A good formal quote is any day better than an informal plain text email telling you that the developer is happy to work for you.
A formal quote will outline all the points of agreement in a well-structured manner with minimal chances of an expectation-mismatch. That agreement is perhaps the gentlemen’s handshake that will get your project going.
11. Get a quote — Let the best Genesis Developer make it.
Finally it’s time to do some competitive research as a client. Of all the Genesis ninjas you’ve shortlisted, get a quote from each and settle for the one that works best for you.
At this stage you’ll have to compare on the basis of time, quality and budget.
Verify that the developer is quoting you the correct scope-of-work and not just bloat. Will the functionality they code be easy to maintain? Are the areas of the site that you’d need to change going to be dynamic or static? Review your requirements that you started with in the first place. The one that you chose to go with should live up to your expectations.
Here’s an awesome diagram to help you decide you what to expect and what you can let go of in favor of your priorities.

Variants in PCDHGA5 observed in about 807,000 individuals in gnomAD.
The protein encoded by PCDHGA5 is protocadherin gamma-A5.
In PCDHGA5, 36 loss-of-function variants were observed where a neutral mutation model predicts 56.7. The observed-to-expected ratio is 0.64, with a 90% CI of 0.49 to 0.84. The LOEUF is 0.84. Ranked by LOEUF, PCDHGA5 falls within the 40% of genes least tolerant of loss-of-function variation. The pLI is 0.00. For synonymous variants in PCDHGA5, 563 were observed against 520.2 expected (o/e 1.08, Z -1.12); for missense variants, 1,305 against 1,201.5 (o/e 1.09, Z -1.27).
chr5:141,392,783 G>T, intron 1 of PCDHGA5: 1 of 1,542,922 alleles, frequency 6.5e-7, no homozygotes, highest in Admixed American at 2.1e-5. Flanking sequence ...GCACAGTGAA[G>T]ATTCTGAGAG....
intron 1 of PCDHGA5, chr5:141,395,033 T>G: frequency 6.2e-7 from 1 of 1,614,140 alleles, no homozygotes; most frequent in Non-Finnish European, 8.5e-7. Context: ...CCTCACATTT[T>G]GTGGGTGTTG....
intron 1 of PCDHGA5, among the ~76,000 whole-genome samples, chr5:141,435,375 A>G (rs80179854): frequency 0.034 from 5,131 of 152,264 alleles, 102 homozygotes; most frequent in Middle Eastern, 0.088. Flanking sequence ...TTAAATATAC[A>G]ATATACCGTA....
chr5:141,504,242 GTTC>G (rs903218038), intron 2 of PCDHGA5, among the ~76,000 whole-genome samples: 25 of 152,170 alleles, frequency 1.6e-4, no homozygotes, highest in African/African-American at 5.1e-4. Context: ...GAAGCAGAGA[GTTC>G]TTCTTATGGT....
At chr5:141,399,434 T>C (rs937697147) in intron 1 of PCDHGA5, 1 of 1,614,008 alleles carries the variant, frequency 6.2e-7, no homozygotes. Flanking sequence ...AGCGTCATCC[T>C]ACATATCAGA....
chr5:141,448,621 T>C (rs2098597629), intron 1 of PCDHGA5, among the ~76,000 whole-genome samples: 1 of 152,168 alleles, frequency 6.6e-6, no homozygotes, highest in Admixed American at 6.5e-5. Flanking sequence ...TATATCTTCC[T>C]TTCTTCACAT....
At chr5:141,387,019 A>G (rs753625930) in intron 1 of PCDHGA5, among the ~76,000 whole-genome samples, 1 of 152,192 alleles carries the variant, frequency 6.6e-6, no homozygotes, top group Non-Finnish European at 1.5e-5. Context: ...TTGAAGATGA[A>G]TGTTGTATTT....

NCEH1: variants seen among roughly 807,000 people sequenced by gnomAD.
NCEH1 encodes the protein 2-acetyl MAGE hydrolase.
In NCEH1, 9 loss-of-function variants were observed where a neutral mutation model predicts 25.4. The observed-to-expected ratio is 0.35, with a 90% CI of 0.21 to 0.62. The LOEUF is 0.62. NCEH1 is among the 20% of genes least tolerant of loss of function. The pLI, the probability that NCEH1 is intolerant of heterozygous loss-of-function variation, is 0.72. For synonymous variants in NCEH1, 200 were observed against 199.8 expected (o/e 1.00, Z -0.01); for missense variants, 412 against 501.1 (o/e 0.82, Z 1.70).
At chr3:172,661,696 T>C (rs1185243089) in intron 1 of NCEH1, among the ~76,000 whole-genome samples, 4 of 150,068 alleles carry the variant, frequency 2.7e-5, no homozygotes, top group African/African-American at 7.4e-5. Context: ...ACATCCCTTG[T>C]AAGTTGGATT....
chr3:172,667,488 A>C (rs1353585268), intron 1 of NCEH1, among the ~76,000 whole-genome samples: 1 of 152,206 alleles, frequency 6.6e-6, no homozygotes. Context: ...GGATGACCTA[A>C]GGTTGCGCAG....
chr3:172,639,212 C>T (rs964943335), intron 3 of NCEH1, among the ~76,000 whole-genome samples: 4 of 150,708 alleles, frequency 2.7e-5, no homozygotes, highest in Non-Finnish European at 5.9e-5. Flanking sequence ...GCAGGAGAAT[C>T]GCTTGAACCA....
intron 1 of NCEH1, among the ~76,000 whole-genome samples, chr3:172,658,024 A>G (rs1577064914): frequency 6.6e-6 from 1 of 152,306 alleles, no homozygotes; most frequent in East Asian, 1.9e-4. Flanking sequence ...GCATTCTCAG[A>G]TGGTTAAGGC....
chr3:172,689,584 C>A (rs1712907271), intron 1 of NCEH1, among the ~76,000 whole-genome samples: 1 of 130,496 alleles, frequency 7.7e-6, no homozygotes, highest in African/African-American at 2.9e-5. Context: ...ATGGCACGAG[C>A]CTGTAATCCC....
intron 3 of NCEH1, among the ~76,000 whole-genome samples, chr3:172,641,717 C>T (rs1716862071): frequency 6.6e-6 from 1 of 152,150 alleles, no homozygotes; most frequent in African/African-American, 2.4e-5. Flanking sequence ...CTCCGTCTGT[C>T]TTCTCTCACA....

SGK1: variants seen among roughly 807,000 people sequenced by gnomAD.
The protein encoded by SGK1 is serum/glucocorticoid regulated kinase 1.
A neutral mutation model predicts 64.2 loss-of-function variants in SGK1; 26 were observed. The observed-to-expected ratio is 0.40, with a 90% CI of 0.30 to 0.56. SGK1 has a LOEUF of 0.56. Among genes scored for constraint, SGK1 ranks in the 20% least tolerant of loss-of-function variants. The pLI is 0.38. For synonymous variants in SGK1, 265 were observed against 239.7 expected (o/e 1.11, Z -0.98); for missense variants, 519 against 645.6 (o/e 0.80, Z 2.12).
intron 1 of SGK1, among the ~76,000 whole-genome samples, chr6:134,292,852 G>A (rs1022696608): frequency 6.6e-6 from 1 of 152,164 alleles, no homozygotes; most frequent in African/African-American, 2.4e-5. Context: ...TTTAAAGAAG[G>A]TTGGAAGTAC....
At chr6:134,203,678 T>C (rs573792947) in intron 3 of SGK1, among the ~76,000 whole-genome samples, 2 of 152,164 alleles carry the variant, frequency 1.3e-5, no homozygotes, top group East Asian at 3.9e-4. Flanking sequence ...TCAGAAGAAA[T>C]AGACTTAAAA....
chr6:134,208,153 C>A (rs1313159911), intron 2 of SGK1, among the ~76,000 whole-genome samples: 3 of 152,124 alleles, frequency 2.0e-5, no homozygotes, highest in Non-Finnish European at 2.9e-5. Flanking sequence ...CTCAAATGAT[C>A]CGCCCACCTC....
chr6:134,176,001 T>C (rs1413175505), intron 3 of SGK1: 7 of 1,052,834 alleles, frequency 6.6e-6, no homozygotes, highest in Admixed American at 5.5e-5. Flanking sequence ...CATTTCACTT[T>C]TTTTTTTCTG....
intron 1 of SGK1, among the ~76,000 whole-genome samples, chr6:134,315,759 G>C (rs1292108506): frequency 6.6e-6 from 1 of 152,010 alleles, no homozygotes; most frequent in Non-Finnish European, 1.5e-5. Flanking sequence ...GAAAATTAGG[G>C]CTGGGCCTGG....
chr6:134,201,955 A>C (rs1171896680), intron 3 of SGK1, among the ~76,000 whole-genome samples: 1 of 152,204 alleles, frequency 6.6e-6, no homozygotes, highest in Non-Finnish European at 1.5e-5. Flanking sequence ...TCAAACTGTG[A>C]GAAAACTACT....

And if you are looking for a Genesis developer, why not start with me?
All my work par excellence is done in-house, the code lives up to the most rigorous acid tests (credit to the several themes and plugins that I’ve built — some paid and others listed free in the WordPress directory). My clients testify for the dollar impact that my sites have on their business.
And beyond anything else, the passion and excitement, that I have about working with a new client, understanding the challenges and making success happen — my satisfaction is in the smiles that my work brings to my client — the sense of achievement that is unmatched by a price offering. Still looking for a Genesis developer?
Looking for help with Genesis Theme Framework?
- How To Register Custom Widget Areas In Genesis The Correct Way
- Here’s How To Make Divi Builder And Your Genesis Child Theme Rock Together
- Genesis Tip — Add Next-previous Links On Single Post Page
- 4 Ways You Can Implement Full-Width Landing Pages In Genesis
- 9 Gorgeous Feminine WordPress Genesis Child Themes